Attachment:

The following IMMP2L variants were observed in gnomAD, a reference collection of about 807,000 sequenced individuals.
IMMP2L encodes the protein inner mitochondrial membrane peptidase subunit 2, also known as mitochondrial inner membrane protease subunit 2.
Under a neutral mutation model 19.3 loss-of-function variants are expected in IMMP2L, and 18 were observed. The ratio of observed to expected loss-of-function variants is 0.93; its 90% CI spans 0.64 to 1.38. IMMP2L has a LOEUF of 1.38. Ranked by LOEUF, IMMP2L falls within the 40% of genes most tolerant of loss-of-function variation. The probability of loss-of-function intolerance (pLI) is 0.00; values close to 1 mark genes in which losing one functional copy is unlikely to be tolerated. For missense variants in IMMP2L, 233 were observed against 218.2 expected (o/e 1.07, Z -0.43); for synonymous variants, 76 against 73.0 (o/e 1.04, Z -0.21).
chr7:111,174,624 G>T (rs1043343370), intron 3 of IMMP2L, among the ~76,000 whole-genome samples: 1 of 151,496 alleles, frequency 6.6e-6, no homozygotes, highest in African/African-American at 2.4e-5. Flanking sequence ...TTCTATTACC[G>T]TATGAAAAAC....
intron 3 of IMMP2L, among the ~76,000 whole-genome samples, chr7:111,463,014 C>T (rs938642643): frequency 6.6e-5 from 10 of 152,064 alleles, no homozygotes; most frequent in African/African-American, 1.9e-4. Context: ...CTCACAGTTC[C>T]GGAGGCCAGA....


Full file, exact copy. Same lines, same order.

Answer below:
The following IMMP2L variants were observed in gnomAD, a reference collection of about 807,000 sequenced individuals.
IMMP2L encodes the protein inner mitochondrial membrane peptidase subunit 2, also known as mitochondrial inner membrane protease subunit 2.
Under a neutral mutation model 19.3 loss-of-function variants are expected in IMMP2L, and 18 were observed. The ratio of observed to expected loss-of-function variants is 0.93; its 90% CI spans 0.64 to 1.38. IMMP2L has a LOEUF of 1.38. Ranked by LOEUF, IMMP2L falls within the 40% of genes most tolerant of loss-of-function variation. The probability of loss-of-function intolerance (pLI) is 0.00; values close to 1 mark genes in which losing one functional copy is unlikely to be tolerated. For missense variants in IMMP2L, 233 were observed against 218.2 expected (o/e 1.07, Z -0.43); for synonymous variants, 76 against 73.0 (o/e 1.04, Z -0.21).
chr7:111,174,624 G>T (rs1043343370), intron 3 of IMMP2L, among the ~76,000 whole-genome samples: 1 of 151,496 alleles, frequency 6.6e-6, no homozygotes, highest in African/African-American at 2.4e-5. Flanking sequence ...TTCTATTACC[G>T]TATGAAAAAC....
intron 3 of IMMP2L, among the ~76,000 whole-genome samples, chr7:111,463,014 C>T (rs938642643): frequency 6.6e-5 from 10 of 152,064 alleles, no homozygotes; most frequent in African/African-American, 1.9e-4. Context: ...CTCACAGTTC[C>T]GGAGGCCAGA....